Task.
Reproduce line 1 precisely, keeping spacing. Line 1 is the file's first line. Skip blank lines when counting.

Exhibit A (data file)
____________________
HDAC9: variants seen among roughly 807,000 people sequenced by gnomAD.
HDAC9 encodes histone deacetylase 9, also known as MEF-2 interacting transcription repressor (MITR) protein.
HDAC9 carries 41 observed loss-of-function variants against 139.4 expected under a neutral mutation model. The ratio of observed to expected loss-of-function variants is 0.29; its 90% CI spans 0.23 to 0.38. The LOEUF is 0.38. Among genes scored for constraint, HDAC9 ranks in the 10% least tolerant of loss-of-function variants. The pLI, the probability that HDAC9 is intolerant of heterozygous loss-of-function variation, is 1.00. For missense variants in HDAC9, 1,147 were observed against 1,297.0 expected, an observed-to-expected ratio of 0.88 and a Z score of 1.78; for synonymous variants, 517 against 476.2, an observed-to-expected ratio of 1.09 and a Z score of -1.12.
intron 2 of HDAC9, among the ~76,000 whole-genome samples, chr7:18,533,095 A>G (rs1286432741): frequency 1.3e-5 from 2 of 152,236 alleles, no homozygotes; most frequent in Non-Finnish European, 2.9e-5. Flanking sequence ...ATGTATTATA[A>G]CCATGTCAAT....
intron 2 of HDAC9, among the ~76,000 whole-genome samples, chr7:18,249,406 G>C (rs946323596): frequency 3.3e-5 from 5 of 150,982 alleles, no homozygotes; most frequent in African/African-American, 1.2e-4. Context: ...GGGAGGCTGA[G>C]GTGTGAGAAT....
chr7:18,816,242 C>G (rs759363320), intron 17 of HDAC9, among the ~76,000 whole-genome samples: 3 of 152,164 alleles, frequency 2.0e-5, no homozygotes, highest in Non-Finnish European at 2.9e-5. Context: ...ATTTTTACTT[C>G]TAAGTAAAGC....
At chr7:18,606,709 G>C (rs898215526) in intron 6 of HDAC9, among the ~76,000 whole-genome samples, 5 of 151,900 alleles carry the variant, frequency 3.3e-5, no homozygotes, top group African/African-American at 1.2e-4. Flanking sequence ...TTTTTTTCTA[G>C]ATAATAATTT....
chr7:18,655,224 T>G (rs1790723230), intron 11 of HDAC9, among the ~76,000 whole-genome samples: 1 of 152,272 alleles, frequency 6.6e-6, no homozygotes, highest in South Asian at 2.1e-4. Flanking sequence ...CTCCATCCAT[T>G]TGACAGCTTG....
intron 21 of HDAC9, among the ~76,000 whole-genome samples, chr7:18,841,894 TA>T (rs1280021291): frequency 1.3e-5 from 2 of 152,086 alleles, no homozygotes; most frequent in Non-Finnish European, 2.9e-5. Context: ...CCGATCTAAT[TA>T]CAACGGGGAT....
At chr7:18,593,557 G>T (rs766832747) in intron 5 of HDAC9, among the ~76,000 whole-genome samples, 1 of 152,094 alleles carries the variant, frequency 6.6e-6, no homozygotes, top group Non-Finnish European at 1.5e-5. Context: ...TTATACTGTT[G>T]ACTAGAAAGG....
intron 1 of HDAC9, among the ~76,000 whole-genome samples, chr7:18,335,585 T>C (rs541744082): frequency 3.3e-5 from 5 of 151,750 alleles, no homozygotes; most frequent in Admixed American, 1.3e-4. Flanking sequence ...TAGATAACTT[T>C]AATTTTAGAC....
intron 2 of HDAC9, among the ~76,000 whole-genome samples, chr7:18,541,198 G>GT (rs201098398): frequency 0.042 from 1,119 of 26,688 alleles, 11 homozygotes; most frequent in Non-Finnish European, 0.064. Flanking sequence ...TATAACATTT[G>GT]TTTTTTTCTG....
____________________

HDAC9: variants seen among roughly 807,000 people sequenced by gnomAD.